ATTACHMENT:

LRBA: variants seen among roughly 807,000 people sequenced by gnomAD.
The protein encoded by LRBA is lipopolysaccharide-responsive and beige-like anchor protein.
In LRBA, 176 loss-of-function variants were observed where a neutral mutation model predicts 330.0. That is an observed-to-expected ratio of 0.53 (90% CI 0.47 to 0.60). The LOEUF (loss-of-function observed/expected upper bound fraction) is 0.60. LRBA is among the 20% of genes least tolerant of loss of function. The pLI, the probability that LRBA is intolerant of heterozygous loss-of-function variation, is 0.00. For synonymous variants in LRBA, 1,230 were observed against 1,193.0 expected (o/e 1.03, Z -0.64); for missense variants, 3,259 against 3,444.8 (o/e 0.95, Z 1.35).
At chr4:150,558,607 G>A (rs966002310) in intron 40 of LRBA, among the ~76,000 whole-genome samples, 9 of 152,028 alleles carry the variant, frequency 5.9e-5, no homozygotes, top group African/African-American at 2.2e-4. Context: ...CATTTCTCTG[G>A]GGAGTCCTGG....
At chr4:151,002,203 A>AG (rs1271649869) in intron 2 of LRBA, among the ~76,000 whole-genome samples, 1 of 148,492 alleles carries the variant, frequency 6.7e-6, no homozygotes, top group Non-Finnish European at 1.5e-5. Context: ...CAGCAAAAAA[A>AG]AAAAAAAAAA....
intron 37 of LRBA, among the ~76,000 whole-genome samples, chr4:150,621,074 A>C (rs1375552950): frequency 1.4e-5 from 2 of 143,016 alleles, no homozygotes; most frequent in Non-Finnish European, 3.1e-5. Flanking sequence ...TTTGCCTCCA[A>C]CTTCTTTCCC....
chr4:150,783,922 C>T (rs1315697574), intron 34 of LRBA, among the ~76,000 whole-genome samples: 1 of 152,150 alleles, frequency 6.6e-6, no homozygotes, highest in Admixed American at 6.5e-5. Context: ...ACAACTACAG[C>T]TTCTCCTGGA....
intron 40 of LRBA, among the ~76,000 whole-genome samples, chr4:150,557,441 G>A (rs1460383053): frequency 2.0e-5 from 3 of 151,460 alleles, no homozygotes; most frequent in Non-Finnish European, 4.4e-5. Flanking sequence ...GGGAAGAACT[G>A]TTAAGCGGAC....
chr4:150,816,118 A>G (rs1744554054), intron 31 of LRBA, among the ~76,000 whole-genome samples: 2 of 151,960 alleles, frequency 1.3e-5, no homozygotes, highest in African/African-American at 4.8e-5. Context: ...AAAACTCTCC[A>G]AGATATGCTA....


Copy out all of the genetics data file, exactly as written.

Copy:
LRBA: variants seen among roughly 807,000 people sequenced by gnomAD.
The protein encoded by LRBA is lipopolysaccharide-responsive and beige-like anchor protein.
In LRBA, 176 loss-of-function variants were observed where a neutral mutation model predicts 330.0. That is an observed-to-expected ratio of 0.53 (90% CI 0.47 to 0.60). The LOEUF (loss-of-function observed/expected upper bound fraction) is 0.60. LRBA is among the 20% of genes least tolerant of loss of function. The pLI, the probability that LRBA is intolerant of heterozygous loss-of-function variation, is 0.00. For synonymous variants in LRBA, 1,230 were observed against 1,193.0 expected (o/e 1.03, Z -0.64); for missense variants, 3,259 against 3,444.8 (o/e 0.95, Z 1.35).
At chr4:150,558,607 G>A (rs966002310) in intron 40 of LRBA, among the ~76,000 whole-genome samples, 9 of 152,028 alleles carry the variant, frequency 5.9e-5, no homozygotes, top group African/African-American at 2.2e-4. Context: ...CATTTCTCTG[G>A]GGAGTCCTGG....
At chr4:151,002,203 A>AG (rs1271649869) in intron 2 of LRBA, among the ~76,000 whole-genome samples, 1 of 148,492 alleles carries the variant, frequency 6.7e-6, no homozygotes, top group Non-Finnish European at 1.5e-5. Context: ...CAGCAAAAAA[A>AG]AAAAAAAAAA....
intron 37 of LRBA, among the ~76,000 whole-genome samples, chr4:150,621,074 A>C (rs1375552950): frequency 1.4e-5 from 2 of 143,016 alleles, no homozygotes; most frequent in Non-Finnish European, 3.1e-5. Flanking sequence ...TTTGCCTCCA[A>C]CTTCTTTCCC....
chr4:150,783,922 C>T (rs1315697574), intron 34 of LRBA, among the ~76,000 whole-genome samples: 1 of 152,150 alleles, frequency 6.6e-6, no homozygotes, highest in Admixed American at 6.5e-5. Context: ...ACAACTACAG[C>T]TTCTCCTGGA....
intron 40 of LRBA, among the ~76,000 whole-genome samples, chr4:150,557,441 G>A (rs1460383053): frequency 2.0e-5 from 3 of 151,460 alleles, no homozygotes; most frequent in Non-Finnish European, 4.4e-5. Flanking sequence ...GGGAAGAACT[G>A]TTAAGCGGAC....
chr4:150,816,118 A>G (rs1744554054), intron 31 of LRBA, among the ~76,000 whole-genome samples: 2 of 151,960 alleles, frequency 1.3e-5, no homozygotes, highest in African/African-American at 4.8e-5. Context: ...AAAACTCTCC[A>G]AGATATGCTA....